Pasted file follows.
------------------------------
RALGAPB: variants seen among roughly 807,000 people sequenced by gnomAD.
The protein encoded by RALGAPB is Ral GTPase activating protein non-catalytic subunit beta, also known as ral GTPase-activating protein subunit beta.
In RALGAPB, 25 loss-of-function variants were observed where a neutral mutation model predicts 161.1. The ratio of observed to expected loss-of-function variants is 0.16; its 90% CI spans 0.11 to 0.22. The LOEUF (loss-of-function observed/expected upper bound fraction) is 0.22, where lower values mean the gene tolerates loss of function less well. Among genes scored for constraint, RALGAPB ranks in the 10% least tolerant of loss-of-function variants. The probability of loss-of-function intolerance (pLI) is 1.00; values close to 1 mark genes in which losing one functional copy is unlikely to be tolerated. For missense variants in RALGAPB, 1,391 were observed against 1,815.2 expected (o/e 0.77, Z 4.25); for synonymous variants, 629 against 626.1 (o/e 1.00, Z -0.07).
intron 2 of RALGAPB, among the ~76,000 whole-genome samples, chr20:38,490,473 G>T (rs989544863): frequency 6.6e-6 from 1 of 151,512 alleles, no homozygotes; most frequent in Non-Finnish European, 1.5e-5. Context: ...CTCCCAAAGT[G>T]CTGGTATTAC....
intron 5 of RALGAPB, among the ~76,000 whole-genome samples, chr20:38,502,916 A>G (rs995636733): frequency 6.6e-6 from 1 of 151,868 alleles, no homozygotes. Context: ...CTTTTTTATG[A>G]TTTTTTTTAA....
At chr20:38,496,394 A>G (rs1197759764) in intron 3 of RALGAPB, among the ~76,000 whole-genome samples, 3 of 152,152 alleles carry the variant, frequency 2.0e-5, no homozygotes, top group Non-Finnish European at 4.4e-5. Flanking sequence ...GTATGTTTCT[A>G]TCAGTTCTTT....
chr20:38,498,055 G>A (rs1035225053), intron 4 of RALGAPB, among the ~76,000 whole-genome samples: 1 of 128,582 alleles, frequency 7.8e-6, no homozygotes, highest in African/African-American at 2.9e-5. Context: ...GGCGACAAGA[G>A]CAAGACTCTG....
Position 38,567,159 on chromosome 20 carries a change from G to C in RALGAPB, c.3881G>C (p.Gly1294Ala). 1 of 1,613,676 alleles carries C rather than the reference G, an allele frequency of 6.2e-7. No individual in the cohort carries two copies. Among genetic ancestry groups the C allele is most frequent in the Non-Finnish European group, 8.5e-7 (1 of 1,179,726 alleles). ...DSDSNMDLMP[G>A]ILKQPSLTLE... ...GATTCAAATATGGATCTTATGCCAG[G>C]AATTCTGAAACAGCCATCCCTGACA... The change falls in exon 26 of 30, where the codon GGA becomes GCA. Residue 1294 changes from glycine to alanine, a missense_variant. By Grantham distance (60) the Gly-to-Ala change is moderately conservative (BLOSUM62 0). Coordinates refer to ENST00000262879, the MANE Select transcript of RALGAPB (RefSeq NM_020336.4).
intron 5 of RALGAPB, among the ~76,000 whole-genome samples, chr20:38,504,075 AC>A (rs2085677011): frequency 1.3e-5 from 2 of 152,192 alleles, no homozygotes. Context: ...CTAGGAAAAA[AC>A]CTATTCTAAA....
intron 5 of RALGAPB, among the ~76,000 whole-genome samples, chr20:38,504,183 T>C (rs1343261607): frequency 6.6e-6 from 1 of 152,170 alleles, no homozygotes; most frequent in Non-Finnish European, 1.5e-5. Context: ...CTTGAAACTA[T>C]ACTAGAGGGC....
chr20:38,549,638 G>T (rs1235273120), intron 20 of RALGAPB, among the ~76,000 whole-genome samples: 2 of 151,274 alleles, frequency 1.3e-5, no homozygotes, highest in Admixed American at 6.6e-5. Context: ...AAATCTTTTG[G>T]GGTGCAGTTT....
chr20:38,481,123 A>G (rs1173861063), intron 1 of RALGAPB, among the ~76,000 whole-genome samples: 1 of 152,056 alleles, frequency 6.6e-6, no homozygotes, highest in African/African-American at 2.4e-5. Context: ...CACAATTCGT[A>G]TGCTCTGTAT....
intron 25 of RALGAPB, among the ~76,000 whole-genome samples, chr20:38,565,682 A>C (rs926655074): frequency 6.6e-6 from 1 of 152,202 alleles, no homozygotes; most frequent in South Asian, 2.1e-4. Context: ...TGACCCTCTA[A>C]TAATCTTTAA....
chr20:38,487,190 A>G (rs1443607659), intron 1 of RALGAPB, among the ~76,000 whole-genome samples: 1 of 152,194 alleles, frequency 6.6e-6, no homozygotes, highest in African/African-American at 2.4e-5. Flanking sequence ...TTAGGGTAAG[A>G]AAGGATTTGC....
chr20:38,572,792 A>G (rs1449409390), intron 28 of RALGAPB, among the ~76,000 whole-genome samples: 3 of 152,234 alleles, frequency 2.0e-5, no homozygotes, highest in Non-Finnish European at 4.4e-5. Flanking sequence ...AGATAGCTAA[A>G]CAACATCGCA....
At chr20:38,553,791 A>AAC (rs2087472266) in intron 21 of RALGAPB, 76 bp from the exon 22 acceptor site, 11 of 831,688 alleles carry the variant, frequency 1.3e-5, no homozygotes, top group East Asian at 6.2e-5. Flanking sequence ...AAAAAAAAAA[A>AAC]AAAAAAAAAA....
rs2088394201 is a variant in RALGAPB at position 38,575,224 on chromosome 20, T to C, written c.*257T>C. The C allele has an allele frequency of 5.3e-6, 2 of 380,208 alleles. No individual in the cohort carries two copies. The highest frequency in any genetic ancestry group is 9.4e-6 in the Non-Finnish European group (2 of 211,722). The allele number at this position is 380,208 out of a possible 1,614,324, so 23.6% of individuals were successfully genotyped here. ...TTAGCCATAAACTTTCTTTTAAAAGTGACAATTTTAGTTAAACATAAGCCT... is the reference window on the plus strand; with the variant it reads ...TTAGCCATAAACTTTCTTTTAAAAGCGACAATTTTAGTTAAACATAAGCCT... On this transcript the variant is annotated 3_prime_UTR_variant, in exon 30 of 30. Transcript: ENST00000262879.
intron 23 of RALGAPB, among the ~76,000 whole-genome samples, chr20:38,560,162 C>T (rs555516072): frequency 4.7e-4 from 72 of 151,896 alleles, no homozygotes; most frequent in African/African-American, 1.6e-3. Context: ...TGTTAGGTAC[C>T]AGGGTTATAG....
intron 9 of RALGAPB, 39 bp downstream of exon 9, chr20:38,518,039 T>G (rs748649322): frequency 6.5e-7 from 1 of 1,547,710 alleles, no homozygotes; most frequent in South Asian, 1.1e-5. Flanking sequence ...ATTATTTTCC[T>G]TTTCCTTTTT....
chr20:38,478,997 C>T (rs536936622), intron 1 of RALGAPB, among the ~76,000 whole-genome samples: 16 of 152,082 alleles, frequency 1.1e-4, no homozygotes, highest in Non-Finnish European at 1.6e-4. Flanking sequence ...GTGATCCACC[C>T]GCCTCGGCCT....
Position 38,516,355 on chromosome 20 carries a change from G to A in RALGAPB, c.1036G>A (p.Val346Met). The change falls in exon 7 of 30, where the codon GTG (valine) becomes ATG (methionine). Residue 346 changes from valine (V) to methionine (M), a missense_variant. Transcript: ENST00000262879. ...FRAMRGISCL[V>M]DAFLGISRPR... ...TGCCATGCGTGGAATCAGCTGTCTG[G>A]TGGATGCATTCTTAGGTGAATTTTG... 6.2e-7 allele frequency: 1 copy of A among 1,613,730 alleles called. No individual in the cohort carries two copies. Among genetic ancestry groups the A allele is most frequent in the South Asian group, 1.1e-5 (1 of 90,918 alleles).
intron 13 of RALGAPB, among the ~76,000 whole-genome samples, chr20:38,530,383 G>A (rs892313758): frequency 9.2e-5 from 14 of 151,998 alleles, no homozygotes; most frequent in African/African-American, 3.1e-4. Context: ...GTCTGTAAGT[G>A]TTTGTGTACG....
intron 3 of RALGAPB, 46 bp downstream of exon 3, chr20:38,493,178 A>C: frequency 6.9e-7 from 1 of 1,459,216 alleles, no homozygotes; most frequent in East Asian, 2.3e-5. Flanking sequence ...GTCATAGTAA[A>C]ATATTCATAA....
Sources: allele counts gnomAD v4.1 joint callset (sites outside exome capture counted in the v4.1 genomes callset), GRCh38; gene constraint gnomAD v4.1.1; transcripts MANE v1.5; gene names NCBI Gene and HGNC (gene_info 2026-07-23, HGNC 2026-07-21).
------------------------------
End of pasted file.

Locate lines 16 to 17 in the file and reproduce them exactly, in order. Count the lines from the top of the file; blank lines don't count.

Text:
At chr20:38,553,791 A>AAC (rs2087472266) in intron 21 of RALGAPB, 76 bp from the exon 22 acceptor site, 11 of 831,688 alleles carry the variant, frequency 1.3e-5, no homozygotes, top group East Asian at 6.2e-5. Flanking sequence ...AAAAAAAAAA[A>AAC]AAAAAAAAAA....
rs2088394201 is a variant in RALGAPB at position 38,575,224 on chromosome 20, T to C, written c.*257T>C. The C allele has an allele frequency of 5.3e-6, 2 of 380,208 alleles. No individual in the cohort carries two copies. The highest frequency in any genetic ancestry group is 9.4e-6 in the Non-Finnish European group (2 of 211,722). The allele number at this position is 380,208 out of a possible 1,614,324, so 23.6% of individuals were successfully genotyped here. ...TTAGCCATAAACTTTCTTTTAAAAGTGACAATTTTAGTTAAACATAAGCCT... is the reference window on the plus strand; with the variant it reads ...TTAGCCATAAACTTTCTTTTAAAAGCGACAATTTTAGTTAAACATAAGCCT... On this transcript the variant is annotated 3_prime_UTR_variant, in exon 30 of 30. Transcript: ENST00000262879.